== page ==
By Douglass Anele
Having discussed in previous essays some pertinent issues arising from recent conflicting judgments of different courts with respect to corruption charges and electoral fraud preferred against some prominent Nigerians, I think it is appropriate to investigate the role of morality (if any) in Nigerian politics.
Doing so is very appropriate at this time, considering the disturbing increase in judicial nullification of election results, epitomised in last Tuesday’s decision of the Appeal Court in Benin to render null and void the election of Emmanuel Uduaghan as the governor of Delta State.
Keep in mind also the negative turnaround in the legal battles of former governor of the state and Uduaghan’s cousin, James Ibori, in Dubai and London. Ibori’s case is particularly interesting, because he has been discharged and acquitted of all corruption charges by courts in Nigeria.
Now, since the Ibori money laundering and corruption saga is not the main thrust of our analysis today but is merely a prolegomenon for the theme of politics and morality, we shall not go into details concerning it.
Nevertheless, it must be remarked that given what transpired in a London court last week where Ibori’s wife, Nkoyo Theresa, admitted that she and her husband were convicted of theft in England more than a decade ago, the Nigerian judges who acquitted the former Delta State helmsman of theft and corruption charges and the officials who prosecuted his cases should be biting their nails in regret over what has happened.
One can say that Ibori and his wife are getting their just deserts; but it is a shame that it needed a foreign court and skilled forensic expatriate prosecution counsel to ensure that Ibori and his cohorts do not go scot free. It will take another essay to ascertain why our standard in everything, except in negativity, is far below accepted global standards and best practices.
But a window into the intractable problem can be opened by looking into the role of morality in Nigerian politics. Oftentimes people complain about the degraded crudely Machiavellian kind of politics dominant in our country. Indeed, there is increasing tendency by morally decent and public spirited individuals to avoid active participation in politics.
Such people argue that politics, especially in Nigeria, is a “dirty” game and that only those with the guts and grit to commit atrocities can succeed in it. To be candid, the way politics is played out here by prominent politicians is sickening.
The do-or-die philosophy behind the inordinate desire to win at all costs discourages most well-meaning Nigerians from politics. And on many occasions, even those who were really interested in public service initially, when they manage to win elections, eventually abandon morality and jump into the bandwagon of kleptomania. Remember, there is nothing intrinsically wrong with politics in Nigeria.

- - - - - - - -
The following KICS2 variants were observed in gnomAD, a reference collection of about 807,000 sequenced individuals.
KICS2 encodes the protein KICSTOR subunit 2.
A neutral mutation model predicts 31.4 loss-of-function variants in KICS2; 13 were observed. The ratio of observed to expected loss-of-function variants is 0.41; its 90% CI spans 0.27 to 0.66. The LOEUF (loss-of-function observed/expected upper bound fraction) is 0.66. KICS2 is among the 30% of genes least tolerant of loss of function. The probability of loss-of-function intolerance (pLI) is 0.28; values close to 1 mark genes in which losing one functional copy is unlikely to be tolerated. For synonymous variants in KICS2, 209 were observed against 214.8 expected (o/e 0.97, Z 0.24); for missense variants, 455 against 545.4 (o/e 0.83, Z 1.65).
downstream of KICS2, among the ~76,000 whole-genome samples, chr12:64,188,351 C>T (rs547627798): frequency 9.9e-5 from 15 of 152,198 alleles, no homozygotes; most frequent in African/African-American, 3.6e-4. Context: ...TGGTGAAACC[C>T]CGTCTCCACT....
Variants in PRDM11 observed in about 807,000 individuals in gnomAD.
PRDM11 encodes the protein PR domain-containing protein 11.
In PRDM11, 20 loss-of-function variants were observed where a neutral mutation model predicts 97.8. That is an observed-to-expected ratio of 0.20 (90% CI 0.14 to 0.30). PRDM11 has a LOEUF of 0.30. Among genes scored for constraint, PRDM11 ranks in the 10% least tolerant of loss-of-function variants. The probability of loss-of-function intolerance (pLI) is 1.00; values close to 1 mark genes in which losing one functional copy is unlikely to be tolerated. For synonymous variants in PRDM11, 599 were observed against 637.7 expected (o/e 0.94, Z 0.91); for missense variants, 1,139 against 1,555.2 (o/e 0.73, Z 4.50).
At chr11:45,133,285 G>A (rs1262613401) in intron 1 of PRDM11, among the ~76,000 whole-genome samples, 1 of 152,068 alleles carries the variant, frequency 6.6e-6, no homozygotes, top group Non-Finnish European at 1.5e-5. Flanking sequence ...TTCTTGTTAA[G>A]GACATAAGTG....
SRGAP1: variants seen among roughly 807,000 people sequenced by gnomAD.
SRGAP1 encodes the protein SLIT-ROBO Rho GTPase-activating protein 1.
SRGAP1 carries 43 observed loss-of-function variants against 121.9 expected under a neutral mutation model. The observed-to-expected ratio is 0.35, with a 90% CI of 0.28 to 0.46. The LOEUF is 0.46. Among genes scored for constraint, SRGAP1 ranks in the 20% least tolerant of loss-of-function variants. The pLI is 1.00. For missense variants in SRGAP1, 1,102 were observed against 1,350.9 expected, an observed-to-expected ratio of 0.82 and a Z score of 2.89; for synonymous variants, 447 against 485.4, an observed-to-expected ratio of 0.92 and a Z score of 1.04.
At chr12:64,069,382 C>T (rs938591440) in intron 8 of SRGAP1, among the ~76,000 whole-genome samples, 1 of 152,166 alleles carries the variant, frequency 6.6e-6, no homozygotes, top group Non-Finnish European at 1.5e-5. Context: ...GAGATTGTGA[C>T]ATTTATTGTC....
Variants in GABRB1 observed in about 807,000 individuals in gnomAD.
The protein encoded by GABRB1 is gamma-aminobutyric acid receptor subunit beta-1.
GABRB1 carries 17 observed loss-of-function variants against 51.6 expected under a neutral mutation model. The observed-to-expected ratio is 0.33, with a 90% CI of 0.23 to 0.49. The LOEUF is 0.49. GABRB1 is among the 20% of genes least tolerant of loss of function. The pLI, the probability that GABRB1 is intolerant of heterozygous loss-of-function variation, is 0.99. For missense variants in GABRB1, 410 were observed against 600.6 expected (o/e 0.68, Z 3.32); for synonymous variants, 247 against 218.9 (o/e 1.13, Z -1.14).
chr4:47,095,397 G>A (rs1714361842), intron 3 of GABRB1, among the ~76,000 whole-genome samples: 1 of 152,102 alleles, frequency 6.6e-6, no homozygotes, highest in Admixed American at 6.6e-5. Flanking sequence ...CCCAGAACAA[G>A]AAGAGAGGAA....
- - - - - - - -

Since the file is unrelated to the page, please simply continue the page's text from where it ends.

All the complaints and misgivings about it are replicated in other countries – problems of rigging, bribery and corruption, political violence and assassination, etc. The peculiarity of our situation is that whereas in serious countries such as India, Brazil and even Ghana, politicians who eventually succeed do all in their power to serve the people, their Nigerian counterparts indulge in unprecedented egoism and primitive accumulation.
Thus, our problem is not the negativity usually associated with politics; it is not about the presidential system we are operating at the moment (although there are several things that make the system inappropriate for the current low level of our socio_economic and political development).
The fundamental problem is the dominant attitude of our politicians to politics and public office, and their misunderstanding of what political leadership is about. Considering their propensity for naira-and-kobo or owambe politics, it can easily be inferred that they are in politics to get their share of the “national cake.”
Nothing illustrates this conclusion better than the news that since the return to civilian rule in 1999 the federal legislature has spent approximately N532 billion to make 532 laws, making the laws one of the most expensive, if not the most expensive, set of legislation in the world.
There is no scintilla of doubt that the federal “lawmakers” have been abusing their privileges by stealing from the country.
However, among the “legislators,” both past and present, there are wealthy experienced professionals and activists who ought to insist on what is right and just given Nigeria’s lingering economic problems and the expanding eddies of poverty in the land, rather than maintain conspiratorial silence because they benefitted and are still benefitting, as the case may be, from the skewed system.
Possibly because a significant percentage of political office holders in the country got their positions through electoral malpractices, including cash_and_carry judicial manipulations, they conduct themselves as if the electorate do not matter, as if they owe their positions to the godfathers only who ensured that they were rigged into office, with disastrous consequences for the country as a whole.
That is why we need to critically appraise the role morality or ethics has played, and should play, in Nigerian politics, especially now that we are approaching another election year. But before we begin the appraisal, it is important to clarify the concepts of morality and politics so that the reader would have a clear understanding of the core issues at stake.
To begin with morality, it is evident to every reasonable adult that there are certain actions, conducts and behaviours which are considered good or right and others that are adjudged bad or wrong. When such evaluations are made, they are described as moral judgments. Therefore, morality is the system of norms arrived at on the basis of the discriminating power of humans to assign different values to behaviours of all kinds. To be continued.